Performance And Positioning Review

The Fund (Class I Shares) returned 0.51% in February, underperforming its benchmark, the Bloomberg Barclays Municipal Bond Index. The Fund’s Treasury exposure detracted from relative performance, as well as the portfolio’s longer duration3 relative to the Bloomberg Barclays Municipal Bond Index. Underweighting the municipal sector and overweighting corporate financial and industrial sectors, however, had a positive impact on performance. Within municipals, issue selection, especially in the housing sector, also contributed positively to performance.

During the month, portfolio allocation moved away from the corporate sector due to tightening of spreads during the month. The Fund increased its exposure in agency mortgage-backed securities and the tax-exempt municipal sector, primarily increasing allocations within the general obligation space. A higher allocation to US Treasuries presents a strategy of hedging against any increase in volatility we may encounter in the market.  


Market Outlook 

February was the fourth consecutive month to post positive returns for municipal bonds, led mainly by reinvestment outpacing issuance and strong demand as taxpayers begin to realize the effects of tax reform. On the macroeconomic scale, more dovish Fed policy, continued concerns about Brexit, and doubt over development of the US-China deal pushed yields lower during the first three weeks of the month. Later in the month, positive developments on the trade front and better-than-expected Q4 2018 GDP print triggered rates to sell-off towards the end of the month, with yields reversing course higher. The beginning of this year also produced large inflows in municipal mutual funds, with gains of $12 billion, as we’ve seen higher demand from investors in high tax states, according to Lipper. This has almost offset the $13 billion in outflows in the fourth quarter of 2018.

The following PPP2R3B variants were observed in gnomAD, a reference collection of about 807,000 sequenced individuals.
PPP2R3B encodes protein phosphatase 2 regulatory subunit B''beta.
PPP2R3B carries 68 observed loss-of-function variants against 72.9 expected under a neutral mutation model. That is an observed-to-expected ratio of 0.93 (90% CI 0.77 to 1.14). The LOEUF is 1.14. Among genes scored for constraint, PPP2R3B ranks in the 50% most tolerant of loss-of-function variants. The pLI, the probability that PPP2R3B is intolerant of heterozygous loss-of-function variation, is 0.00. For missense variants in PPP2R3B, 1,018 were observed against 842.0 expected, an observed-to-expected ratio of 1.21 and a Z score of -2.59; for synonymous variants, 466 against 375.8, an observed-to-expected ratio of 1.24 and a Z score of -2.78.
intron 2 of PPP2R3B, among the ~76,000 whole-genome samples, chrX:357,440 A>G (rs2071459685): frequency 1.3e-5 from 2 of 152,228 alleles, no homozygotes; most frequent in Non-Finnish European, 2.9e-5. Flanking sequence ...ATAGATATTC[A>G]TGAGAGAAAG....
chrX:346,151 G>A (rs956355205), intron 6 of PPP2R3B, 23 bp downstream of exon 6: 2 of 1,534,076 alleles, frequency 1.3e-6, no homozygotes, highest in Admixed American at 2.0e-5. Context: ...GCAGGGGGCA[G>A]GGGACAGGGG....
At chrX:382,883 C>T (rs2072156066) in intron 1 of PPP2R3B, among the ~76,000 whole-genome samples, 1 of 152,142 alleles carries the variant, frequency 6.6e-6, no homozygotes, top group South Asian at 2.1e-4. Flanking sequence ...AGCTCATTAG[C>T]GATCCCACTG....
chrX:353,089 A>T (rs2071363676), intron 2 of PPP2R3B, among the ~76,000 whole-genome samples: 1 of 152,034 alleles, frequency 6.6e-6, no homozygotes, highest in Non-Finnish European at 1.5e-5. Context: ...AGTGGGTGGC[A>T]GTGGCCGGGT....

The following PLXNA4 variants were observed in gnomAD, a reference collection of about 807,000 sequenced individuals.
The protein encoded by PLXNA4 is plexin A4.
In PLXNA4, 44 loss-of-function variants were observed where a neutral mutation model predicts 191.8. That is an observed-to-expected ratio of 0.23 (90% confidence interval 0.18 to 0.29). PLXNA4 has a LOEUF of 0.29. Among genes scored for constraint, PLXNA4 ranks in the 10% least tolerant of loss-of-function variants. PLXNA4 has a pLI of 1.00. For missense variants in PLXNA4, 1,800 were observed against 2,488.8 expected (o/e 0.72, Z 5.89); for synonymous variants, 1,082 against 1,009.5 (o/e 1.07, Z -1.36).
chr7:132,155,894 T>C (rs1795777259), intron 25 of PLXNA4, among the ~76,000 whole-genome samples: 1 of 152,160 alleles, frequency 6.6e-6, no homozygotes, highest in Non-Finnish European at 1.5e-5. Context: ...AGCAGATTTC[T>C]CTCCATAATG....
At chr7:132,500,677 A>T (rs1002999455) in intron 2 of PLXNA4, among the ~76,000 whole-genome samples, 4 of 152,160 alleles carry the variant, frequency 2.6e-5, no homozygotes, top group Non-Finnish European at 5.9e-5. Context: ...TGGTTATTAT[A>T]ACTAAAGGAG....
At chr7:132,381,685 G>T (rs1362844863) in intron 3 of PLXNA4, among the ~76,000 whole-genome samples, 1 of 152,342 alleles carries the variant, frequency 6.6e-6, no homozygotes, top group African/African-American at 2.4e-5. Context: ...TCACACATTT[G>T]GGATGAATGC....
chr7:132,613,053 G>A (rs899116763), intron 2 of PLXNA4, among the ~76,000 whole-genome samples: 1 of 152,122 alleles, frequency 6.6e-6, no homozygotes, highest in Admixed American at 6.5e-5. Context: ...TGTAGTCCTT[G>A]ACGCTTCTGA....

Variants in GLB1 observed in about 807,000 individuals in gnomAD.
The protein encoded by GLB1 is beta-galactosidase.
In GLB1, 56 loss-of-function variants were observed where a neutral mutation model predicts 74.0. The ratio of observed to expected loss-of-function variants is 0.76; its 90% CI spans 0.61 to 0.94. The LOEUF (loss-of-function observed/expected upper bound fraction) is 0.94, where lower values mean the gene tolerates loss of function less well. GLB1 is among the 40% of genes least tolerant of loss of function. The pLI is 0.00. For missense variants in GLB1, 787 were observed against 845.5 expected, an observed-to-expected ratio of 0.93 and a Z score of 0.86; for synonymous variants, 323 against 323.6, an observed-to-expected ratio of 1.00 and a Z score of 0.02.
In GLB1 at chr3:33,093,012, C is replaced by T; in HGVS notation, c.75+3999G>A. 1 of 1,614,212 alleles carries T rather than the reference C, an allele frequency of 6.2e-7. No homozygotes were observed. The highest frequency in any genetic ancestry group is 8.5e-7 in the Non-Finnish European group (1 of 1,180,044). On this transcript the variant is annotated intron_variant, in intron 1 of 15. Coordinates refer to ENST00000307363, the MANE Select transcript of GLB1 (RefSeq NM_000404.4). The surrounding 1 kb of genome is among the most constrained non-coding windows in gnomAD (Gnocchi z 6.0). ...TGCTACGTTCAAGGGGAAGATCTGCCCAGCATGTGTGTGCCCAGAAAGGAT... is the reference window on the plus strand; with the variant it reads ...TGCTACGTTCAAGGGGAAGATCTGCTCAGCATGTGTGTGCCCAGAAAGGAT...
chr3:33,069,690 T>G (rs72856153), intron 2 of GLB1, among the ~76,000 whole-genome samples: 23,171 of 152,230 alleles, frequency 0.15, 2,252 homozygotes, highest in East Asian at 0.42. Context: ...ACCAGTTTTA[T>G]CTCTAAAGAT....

A continued dovish stance from the Fed has led expectations for only one more rate hike in December and a halt of balance sheet normalization in the fourth quarter of 2019. Rate hikes will depend on inflation outcomes moving higher than their baseline, with New York Federal Reserve President Williams urging policymakers to be vigilant that inflation expectations not get to too low a level. Core personal consumption expenditures have averaged less than 1.6% over the recent expansion, with break-evens remaining significantly lower than pre-crisis periods. As volatility within equities return, corporate spreads continued to tighten during February. At present, market overvaluation continues to suggest a cautious long-term outlook and guarded expectations.

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The Bloomberg Barclays US Treasury Index measures US dollar-denominated, fixed-rate, nominal debt issued by the US Treasury.